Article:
Plants In Action2

Plants in Action was written by plant scientists from Australia and New Zealand as a plant biology book for senior undergraduates and a resource for postgraduates and early-career research scientists.

The complete revision of Plants in Action text book to Plants in Action2 a fully edited peer-reviewed wiki is currently underway with completion expected by late 2015.  Comments and volunteer contributions are welcome. These can be made by contacting the editorial team listed on the home page of Plants in Action2

Open access web resources are transforming education, and Plants in Action was one of the first plant science textbook contributing to this unrestricted sharing of scientific knowledge. This first stage of the Plants in Action2 web project is made possible by generous sponsorship of the Australian Centre for International Agricultural Research (ACIAR) and the University of Queensland.

The overall structure of the first edition Plants in Action will remain. Additional chapters will also be added, including on pathogen resistance mechanisms and emerging issues of global resources and climate change. Examples and case studies will be extended from the Australasian region to also include some from Asia and Africa.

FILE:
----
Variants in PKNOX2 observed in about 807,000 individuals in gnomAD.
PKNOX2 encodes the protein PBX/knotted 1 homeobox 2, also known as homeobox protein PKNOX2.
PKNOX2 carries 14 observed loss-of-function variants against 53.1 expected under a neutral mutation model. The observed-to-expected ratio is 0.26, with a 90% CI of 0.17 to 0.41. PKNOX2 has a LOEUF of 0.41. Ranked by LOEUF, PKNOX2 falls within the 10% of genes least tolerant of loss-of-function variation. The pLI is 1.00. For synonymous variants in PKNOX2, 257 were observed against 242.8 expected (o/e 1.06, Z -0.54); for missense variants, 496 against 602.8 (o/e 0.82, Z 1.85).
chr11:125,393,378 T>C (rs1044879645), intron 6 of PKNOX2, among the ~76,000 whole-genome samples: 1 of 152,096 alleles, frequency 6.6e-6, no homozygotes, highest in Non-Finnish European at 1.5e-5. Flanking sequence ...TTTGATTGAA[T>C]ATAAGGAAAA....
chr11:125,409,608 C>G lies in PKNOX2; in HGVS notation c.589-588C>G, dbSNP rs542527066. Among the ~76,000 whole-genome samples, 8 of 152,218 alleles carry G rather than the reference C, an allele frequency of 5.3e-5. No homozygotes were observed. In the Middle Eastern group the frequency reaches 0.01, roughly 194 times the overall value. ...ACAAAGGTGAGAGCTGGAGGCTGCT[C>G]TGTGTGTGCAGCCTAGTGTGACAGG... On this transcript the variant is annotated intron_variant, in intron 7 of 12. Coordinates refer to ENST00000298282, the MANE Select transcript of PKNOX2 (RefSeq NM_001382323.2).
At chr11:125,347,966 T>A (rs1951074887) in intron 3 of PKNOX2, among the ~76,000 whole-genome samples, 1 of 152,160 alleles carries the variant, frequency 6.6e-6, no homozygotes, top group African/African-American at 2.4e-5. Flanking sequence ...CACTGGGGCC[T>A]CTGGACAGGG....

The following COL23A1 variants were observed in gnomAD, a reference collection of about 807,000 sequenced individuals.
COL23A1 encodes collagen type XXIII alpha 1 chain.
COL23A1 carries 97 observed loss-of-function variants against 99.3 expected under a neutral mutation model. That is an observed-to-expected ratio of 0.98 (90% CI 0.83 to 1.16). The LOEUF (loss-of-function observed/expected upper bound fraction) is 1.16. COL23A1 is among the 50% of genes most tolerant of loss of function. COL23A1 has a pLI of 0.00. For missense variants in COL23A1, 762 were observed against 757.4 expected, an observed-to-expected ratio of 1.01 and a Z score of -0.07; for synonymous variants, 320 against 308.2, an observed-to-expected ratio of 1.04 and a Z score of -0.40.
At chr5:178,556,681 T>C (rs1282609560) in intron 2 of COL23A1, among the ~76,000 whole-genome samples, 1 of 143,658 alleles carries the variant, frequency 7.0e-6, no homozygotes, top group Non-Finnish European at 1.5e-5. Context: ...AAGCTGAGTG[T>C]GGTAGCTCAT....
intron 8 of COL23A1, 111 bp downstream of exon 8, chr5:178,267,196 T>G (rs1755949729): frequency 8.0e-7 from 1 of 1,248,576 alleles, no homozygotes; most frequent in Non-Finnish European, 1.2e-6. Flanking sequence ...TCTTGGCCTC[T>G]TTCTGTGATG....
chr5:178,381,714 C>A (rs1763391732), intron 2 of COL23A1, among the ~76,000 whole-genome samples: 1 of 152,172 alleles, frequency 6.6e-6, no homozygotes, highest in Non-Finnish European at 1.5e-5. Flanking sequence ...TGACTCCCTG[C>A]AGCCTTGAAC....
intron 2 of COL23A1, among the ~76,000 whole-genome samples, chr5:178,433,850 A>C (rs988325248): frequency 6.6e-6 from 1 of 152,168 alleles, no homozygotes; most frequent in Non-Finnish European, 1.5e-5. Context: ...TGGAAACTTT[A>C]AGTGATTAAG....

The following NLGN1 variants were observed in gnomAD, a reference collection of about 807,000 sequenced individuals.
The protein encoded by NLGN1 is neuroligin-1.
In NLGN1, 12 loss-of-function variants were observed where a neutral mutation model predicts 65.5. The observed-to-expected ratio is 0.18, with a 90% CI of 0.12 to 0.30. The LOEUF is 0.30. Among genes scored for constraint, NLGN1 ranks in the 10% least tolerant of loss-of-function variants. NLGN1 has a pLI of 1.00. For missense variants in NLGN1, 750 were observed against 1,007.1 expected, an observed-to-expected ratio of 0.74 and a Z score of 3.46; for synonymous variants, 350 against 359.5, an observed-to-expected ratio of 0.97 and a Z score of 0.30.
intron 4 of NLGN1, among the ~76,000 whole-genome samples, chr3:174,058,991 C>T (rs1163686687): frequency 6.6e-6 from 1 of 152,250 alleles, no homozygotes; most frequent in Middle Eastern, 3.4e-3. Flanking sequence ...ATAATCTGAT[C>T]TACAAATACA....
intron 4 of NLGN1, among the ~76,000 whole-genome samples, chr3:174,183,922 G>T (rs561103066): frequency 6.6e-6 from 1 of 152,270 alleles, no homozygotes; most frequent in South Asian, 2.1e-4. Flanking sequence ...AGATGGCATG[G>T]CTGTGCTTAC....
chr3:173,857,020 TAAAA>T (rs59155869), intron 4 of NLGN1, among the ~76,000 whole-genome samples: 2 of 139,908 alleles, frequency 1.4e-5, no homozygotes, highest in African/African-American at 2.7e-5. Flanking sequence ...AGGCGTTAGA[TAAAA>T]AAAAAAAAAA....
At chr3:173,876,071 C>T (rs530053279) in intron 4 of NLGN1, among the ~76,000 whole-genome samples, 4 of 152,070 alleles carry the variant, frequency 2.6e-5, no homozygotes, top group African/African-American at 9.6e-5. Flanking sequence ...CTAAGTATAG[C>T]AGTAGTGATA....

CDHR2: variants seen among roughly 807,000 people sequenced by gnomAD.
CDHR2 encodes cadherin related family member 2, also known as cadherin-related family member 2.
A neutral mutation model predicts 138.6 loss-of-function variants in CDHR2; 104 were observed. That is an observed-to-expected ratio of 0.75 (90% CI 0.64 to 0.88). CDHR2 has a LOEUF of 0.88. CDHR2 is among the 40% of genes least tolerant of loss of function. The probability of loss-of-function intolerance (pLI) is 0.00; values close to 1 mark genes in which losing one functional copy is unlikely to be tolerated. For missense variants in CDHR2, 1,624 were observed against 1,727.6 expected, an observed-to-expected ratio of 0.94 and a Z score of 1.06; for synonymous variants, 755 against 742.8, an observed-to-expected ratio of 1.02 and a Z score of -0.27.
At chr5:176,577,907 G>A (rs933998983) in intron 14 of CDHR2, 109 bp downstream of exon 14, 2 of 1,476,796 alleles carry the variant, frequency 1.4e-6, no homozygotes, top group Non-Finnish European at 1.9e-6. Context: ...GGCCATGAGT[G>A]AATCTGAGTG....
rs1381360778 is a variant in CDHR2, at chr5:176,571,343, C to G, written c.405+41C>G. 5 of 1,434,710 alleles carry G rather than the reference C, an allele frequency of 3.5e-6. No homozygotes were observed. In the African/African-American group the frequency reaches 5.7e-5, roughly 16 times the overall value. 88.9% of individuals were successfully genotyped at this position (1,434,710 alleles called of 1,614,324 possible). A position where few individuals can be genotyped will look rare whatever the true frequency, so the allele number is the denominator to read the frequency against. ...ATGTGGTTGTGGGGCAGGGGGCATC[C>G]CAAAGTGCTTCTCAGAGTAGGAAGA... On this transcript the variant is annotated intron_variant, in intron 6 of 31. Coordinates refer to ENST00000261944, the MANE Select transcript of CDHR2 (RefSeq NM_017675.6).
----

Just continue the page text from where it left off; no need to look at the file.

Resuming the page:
Six chapters of the new edition have been completed, with others to appear soon. The link to the new edition (in progress) is:


History of Plants in Action

Plants in Action: Adaptation in Nature — Performance in Cultivation was edited by Brian Atwell, Paul Kriedemann & Colin Turnbull. This was written and edited by members of the Australian and New Zealand societies of plant sciences. This textbook was published in 1999 by Macmillan Education Australia Pty Ltd, and won the Australian Publishers Award for the best tertiary textbook for 1999 in competition with all other tertiary texts published in Australia that year.

Plants in Action explores the principles underlying plant biology in natural and managed communities throughout Australasia. By providing up-to-date and useful perspectives on plant science, this book appeals to upper level undergraduates in tertiary institutes where plant physiology forms part of a degree in Agriculture, Horticulture, Forestry and Environmental Sciences. Postgraduate students as well as professional plant scientists will also find much useful source material in this textbook that is richly illustrated with original data.